Tis the season to get your mother’s Betty Crocker book down from the shelf in your kitchen. Dust it off, and crack it open. The pages are covered with sticky molasses stains and memories of when you baked cookies with your mother.
Now it is your turn. Your daughter is begging you to make cookies with her friends. All you can think about is the mess. The flour, powder sugar, eggs, sugar, and butter, lots of butter. You don’t even cook dinner every night. If you do, it is simple. Maybe you belong to Blue Apron or Simply Fresh. The ingredients for meals are wrapped in individual packages with labels. A recipe comes with the box. You follow the directions exactly as they are written. You are a hard -working mother and don’t have the time or the desire to create healthy dishes for your family. It’s easier to order a pizza or call a restaurant that delivers.
It is now the season to bake. It is Christmas. You have to make cookies, or your children will be very disappointed, and they will tell everyone you don’t know how to bake or cook. Your friends will invite you to “cookie exchanges”. You get nervous. You must bake two dozen cookies to pass around to the others who have brought their delicious homemade goods. You don’t want to be the only one who brings store-bought cookies. Those are frowned upon, and you will never be invited to a “cookie exchange” again.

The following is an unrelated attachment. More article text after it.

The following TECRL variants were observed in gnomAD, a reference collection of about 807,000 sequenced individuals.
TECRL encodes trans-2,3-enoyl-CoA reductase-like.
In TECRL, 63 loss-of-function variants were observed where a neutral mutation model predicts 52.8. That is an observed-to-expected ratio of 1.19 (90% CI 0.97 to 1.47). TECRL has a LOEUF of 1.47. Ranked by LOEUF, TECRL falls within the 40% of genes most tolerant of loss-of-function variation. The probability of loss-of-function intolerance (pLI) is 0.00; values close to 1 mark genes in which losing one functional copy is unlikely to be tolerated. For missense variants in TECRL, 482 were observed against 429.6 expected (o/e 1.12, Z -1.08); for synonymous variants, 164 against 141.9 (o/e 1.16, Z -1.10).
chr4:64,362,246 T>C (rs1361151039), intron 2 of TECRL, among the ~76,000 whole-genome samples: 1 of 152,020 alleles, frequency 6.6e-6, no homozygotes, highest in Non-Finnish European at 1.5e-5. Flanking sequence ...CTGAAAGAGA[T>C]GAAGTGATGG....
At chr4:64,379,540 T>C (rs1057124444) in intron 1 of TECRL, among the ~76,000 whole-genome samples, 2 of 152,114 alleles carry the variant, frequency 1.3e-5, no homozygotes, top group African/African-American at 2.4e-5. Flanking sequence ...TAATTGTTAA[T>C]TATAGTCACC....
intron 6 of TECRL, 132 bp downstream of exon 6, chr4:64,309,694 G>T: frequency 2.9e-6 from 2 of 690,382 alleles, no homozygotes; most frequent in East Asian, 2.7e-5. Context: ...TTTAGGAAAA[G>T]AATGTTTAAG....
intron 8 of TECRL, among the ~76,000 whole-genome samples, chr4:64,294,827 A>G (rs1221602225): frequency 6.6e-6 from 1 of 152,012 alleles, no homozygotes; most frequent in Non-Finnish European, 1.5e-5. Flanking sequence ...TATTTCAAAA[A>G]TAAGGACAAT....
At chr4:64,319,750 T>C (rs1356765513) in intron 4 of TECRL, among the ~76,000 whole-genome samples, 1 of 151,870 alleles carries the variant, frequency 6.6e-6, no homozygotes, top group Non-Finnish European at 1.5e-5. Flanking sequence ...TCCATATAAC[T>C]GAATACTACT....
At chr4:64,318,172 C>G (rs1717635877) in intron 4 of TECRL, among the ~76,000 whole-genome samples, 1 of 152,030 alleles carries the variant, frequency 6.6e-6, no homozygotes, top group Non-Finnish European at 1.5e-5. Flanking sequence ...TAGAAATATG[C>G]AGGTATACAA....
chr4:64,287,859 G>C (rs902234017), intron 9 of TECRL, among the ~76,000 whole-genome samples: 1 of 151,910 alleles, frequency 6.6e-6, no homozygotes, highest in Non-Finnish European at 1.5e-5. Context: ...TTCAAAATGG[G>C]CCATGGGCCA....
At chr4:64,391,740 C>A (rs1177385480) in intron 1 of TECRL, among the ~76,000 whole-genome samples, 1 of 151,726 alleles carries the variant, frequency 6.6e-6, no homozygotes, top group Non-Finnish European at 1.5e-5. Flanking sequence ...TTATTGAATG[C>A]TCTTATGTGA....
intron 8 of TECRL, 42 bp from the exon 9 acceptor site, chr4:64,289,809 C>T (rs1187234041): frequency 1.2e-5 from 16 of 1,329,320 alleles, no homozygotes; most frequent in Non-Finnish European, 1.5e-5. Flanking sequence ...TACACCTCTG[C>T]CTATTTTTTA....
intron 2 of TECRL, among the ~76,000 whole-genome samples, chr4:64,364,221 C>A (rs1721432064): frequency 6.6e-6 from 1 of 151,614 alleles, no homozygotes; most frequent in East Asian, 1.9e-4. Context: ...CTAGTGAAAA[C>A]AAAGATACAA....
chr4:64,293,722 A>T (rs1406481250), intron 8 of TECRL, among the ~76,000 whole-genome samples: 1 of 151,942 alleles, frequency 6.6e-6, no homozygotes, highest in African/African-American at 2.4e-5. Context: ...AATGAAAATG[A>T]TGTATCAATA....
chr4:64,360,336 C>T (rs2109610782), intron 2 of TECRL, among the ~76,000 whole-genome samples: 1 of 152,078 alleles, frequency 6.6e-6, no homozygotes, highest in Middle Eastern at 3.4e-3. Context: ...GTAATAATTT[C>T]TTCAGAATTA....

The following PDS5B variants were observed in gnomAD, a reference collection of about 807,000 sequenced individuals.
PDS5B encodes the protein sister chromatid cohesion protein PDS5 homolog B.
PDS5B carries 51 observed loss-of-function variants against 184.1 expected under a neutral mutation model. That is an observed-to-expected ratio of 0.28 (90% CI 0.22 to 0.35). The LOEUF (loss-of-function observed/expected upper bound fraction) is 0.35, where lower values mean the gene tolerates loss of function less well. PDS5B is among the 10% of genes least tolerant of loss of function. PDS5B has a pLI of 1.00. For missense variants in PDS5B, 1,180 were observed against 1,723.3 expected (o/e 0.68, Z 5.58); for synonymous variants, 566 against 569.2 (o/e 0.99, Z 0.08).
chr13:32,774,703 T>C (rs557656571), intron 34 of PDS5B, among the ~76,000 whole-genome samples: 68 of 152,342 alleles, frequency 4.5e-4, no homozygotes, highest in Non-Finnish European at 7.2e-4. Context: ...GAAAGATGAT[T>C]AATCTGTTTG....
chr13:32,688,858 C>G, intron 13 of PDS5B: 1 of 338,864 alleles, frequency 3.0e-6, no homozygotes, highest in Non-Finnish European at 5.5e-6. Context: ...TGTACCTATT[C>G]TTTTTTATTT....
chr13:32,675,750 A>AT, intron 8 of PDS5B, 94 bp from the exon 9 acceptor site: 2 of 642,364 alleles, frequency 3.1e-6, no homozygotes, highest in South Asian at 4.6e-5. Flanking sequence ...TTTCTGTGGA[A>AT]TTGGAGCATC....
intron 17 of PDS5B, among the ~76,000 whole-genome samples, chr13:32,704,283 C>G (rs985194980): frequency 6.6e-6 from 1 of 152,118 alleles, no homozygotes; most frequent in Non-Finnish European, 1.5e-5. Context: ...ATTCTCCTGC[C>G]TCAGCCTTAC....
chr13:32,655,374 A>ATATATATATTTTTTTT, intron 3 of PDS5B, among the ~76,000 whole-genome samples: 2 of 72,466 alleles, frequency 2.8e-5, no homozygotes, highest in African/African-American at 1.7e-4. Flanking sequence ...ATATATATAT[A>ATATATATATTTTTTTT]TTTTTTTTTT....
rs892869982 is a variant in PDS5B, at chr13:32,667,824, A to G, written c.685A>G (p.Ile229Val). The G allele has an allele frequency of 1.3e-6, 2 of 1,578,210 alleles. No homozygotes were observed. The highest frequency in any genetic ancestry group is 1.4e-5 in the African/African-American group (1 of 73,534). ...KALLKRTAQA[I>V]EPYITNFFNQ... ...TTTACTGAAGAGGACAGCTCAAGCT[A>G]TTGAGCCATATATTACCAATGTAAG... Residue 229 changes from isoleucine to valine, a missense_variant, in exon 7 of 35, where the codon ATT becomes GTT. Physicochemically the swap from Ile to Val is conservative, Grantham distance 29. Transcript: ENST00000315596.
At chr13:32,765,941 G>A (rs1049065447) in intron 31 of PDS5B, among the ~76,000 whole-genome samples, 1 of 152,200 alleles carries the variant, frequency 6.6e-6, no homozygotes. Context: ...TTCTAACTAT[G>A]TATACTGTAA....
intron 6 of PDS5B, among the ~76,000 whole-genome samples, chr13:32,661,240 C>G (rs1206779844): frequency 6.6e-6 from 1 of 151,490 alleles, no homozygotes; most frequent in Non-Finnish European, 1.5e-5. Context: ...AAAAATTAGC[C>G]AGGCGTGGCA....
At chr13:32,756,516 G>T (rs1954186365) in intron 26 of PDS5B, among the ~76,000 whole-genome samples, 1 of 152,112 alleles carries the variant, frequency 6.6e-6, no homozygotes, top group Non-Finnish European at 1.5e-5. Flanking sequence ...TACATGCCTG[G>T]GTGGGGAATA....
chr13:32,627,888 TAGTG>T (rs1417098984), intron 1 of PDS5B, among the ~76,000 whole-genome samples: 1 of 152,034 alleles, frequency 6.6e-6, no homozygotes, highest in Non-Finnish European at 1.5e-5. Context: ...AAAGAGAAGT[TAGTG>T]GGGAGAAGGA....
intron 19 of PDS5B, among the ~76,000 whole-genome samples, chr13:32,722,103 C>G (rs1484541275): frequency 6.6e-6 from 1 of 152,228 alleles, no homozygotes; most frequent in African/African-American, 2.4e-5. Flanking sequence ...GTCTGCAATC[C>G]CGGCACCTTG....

Don’t let your children down. Get into that kitchen and start baking. Soften the butter, add the sugar, vanilla, and eggs. Mix with a mixer. Sift the flour, baking soda, baking powder, into the mixture. Mix with your handheld or fancy Kitchin Aid mixer your mom gave you when you got married. Is it still in its original box? Don’t worry. Now, is the time to use it. Heat the oven, follow the directions, put cookies on a cookie sheet. Bake. You did it. You made some cookies.
Don’t stop there. Try some more recipes. Your children are proud of you. Send some of the cookies in their lunch. You might win mother of the year award. Invite your friends over for coffee and serve them your cookies. Or maybe not.
Take your cookies to the “cookie exchange “. Be proud of your cookies.
Women all over the world who don’t bake the entire year are on a mission when it comes to Christmas. Do we get inspired by what we see on TV, the Internet, Instagram?
No one uses their mother’s cookbook anymore. We have Pinterest, Delish, and other cooking sites popping up on Facebook…